Smoke and mirrors have been similarly employed to cast a veil of opacity over the Eurozone’s troubled banking sector. For five years, the ECB has been quietly absorbing the toxic assets of members’ banks, doubling its own balance sheet in the process. We are told this will mean that the results of their next stress test, due in the autumn, will find them in rude health – a necessary conclusion for any banking union. Yet no one truly knows which banks are solvent or not, so deliberately obscure are their balance sheets.
In short, the Eurozone remains in a state of limbo. No member will countenance a return to sovereign independence, yet none has fully endorsed the further relinquishment of power required for a politically-integrated currency union.
All this at a time when gradual monetary tightening seems, in the US and China at least, to be the order of the day. In all likelihood we are only two or three years away from the end of this current ‘upward’ cycle of the global economy. Heaven help the Eurozone if this cyclical phase of the global economy comes to an end before austerity and macro-economic contraction in weaker European nations has ceased.
Nevertheless it is – as ever – wishful thinking to believe that economics, rather than politics, dictates the pace on matters concerning the Eurozone.
Within days of the Russian annexation of Crimea, the Polish Foreign Minister, Radek Sikorski, announced that his country wished to fast-track its application to join the Euro. No ifs or buts. It was made explicitly clear that this was a political decision designed to tie Poland more securely into the EU and German axis irrespective of its economic consequences. Indeed the resurgence of Russia in the region has also persuaded Lithuania to follow suit, having previously taken a critical stance of their Baltic neighbours, Estonia and Latvia, for having rushed headlong into the single currency.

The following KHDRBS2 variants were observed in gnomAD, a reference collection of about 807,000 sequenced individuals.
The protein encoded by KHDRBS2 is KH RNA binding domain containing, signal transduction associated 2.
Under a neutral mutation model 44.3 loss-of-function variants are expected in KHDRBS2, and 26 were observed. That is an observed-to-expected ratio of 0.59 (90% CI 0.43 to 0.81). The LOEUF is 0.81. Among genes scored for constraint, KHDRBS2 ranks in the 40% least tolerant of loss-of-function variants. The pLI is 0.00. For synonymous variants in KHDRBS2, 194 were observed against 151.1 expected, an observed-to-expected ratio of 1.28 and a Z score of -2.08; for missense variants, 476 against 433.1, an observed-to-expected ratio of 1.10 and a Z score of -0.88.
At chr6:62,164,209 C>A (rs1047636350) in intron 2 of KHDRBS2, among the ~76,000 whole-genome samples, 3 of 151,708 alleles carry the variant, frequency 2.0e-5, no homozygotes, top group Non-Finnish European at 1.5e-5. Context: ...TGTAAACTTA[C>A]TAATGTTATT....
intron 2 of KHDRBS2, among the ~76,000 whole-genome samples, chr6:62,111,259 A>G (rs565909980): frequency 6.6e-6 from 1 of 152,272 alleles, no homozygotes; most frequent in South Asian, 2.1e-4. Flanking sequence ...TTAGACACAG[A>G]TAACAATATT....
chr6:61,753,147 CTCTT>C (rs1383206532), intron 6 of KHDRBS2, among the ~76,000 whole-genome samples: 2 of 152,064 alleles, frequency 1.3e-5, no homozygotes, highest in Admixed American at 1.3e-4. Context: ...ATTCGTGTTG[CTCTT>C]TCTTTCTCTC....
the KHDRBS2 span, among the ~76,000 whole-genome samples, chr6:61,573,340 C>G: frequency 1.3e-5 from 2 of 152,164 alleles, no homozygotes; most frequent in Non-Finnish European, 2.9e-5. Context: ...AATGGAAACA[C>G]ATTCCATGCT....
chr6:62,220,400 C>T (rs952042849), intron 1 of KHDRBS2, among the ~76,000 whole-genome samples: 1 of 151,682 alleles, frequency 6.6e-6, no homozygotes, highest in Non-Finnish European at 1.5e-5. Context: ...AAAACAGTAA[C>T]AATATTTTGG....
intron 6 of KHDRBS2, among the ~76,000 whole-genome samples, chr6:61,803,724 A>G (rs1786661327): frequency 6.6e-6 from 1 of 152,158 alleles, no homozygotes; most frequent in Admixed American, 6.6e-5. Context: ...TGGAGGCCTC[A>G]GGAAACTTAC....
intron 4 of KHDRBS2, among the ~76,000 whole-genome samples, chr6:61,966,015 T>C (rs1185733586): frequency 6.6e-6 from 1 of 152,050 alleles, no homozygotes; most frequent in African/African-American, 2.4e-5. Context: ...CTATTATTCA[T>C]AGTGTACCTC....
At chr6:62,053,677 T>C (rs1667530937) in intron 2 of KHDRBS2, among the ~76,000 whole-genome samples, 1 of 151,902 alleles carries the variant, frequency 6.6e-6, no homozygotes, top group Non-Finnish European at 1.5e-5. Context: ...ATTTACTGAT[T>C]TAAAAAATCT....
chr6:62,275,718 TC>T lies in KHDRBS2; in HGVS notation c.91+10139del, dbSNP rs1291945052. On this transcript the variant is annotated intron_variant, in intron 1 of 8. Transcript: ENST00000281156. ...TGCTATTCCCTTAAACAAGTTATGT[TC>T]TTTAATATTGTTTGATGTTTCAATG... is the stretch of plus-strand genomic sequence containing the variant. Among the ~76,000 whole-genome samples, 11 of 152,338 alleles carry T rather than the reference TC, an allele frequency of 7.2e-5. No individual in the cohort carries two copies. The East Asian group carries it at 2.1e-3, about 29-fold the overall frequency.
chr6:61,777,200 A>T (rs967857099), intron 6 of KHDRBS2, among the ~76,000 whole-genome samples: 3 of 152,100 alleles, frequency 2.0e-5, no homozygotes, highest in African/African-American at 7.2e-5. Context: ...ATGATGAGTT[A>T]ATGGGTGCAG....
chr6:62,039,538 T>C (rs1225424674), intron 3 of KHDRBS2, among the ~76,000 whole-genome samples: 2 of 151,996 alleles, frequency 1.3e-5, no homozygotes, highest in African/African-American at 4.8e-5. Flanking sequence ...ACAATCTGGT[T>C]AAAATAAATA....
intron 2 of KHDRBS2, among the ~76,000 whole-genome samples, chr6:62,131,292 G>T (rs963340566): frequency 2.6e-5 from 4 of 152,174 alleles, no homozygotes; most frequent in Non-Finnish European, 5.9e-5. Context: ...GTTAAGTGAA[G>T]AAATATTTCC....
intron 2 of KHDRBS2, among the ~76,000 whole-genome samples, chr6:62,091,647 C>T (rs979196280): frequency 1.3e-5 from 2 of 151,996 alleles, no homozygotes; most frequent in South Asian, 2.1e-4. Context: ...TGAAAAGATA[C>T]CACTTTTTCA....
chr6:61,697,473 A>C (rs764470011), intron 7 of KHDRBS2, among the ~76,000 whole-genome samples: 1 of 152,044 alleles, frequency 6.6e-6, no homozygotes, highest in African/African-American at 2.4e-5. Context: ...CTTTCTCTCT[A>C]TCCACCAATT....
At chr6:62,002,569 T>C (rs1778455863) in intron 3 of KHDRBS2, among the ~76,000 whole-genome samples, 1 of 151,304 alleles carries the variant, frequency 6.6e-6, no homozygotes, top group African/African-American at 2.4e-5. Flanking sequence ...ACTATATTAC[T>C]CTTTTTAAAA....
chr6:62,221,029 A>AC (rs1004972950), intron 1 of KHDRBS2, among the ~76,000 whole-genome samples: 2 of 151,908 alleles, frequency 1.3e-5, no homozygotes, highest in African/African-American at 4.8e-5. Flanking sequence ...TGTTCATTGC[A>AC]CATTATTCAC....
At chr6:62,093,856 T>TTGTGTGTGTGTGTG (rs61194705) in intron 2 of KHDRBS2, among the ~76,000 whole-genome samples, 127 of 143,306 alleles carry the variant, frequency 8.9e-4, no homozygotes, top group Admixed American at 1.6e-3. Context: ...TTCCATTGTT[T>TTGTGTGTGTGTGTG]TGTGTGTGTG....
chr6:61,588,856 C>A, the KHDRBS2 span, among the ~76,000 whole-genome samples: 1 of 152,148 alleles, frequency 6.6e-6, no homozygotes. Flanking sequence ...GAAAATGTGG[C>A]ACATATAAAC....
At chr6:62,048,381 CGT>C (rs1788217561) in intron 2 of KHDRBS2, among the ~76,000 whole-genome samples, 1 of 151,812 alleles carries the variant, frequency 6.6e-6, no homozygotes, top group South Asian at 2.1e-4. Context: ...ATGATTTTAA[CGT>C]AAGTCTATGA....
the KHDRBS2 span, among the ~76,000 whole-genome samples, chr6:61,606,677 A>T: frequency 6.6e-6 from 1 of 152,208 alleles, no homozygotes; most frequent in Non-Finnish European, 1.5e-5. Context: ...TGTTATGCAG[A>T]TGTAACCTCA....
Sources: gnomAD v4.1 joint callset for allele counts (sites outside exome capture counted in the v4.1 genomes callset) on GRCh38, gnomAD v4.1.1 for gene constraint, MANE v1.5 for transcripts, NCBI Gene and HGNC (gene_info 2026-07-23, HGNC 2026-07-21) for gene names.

As ever this does not augur well for the underlying economic stability of the Eurozone and the recent relative calm has allowed complacency to creep in. Events in Ukraine threaten to cast a long shadow over European affairs.
Needless to say here in the UK we can scarcely be said to be sitting pretty as the next phase of the Eurozone saga develops. We still undertake over two-fifths of our trade with the Eurozone. Indeed one of the main reasons we are apparently less exposed is that the UK economy, ironically enough given the domestic party political battles over immigration, has benefited from highly skilled migration from the weakest Eurozone nations which has helped accelerate our own economic growth.
Last autumn, the US Treasury expressed a fear that the Eurozone is now adding a permanent deflationary bias to the global economy, and this too has the potential to blow our own recovery off the rails. The public has been lulled into a false sense of security with relentless talk of the deficit being driven down and a narrative that public services have been slashed. In reality, public debt has grown rapidly throughout the coalition’s tenure, household debt remains uncomfortably high and the majority of public spending cuts will need to come after 2015. Deflation exported from the Eurozone will make tackling that debt a far harder task. While the debt mountain will remain the same, the income to service it is likely to fall.
Similarly, British wages might have to be held down longer in order to compete with falling continental labour costs. This is before even taking into account the potential for an increasingly-discontented Eurozone citizenry to throw up new, market-jangling political challenges. It may be that our careful husbandry of the British economy becomes largely irrelevant when faced with further continental shockwaves.
The European currency union has lived to see another day. But there is no room for euphoria. The Eurozone crisis is only dormant, with all too much scope for a fresh eruption.